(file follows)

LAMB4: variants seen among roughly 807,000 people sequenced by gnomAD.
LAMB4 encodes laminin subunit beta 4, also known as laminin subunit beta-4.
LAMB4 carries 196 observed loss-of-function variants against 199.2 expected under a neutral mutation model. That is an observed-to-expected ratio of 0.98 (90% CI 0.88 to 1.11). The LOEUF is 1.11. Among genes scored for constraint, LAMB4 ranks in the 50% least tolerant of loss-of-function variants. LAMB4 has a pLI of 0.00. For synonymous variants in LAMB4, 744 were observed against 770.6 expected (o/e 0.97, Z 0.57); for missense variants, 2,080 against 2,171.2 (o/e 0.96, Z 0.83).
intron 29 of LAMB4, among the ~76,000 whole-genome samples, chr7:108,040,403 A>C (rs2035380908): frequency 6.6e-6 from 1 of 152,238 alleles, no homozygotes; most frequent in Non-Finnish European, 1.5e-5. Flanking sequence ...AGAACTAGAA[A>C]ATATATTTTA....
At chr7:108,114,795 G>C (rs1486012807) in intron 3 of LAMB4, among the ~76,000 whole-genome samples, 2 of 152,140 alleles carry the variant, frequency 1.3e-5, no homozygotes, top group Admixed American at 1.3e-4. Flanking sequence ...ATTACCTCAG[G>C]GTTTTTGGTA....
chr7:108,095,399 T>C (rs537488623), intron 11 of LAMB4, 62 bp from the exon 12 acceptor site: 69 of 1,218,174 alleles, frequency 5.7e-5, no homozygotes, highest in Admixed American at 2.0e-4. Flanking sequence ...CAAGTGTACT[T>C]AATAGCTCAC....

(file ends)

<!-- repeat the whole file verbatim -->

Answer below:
LAMB4: variants seen among roughly 807,000 people sequenced by gnomAD.
LAMB4 encodes laminin subunit beta 4, also known as laminin subunit beta-4.
LAMB4 carries 196 observed loss-of-function variants against 199.2 expected under a neutral mutation model. That is an observed-to-expected ratio of 0.98 (90% CI 0.88 to 1.11). The LOEUF is 1.11. Among genes scored for constraint, LAMB4 ranks in the 50% least tolerant of loss-of-function variants. LAMB4 has a pLI of 0.00. For synonymous variants in LAMB4, 744 were observed against 770.6 expected (o/e 0.97, Z 0.57); for missense variants, 2,080 against 2,171.2 (o/e 0.96, Z 0.83).
intron 29 of LAMB4, among the ~76,000 whole-genome samples, chr7:108,040,403 A>C (rs2035380908): frequency 6.6e-6 from 1 of 152,238 alleles, no homozygotes; most frequent in Non-Finnish European, 1.5e-5. Flanking sequence ...AGAACTAGAA[A>C]ATATATTTTA....
At chr7:108,114,795 G>C (rs1486012807) in intron 3 of LAMB4, among the ~76,000 whole-genome samples, 2 of 152,140 alleles carry the variant, frequency 1.3e-5, no homozygotes, top group Admixed American at 1.3e-4. Flanking sequence ...ATTACCTCAG[G>C]GTTTTTGGTA....
chr7:108,095,399 T>C (rs537488623), intron 11 of LAMB4, 62 bp from the exon 12 acceptor site: 69 of 1,218,174 alleles, frequency 5.7e-5, no homozygotes, highest in Admixed American at 2.0e-4. Flanking sequence ...CAAGTGTACT[T>C]AATAGCTCAC....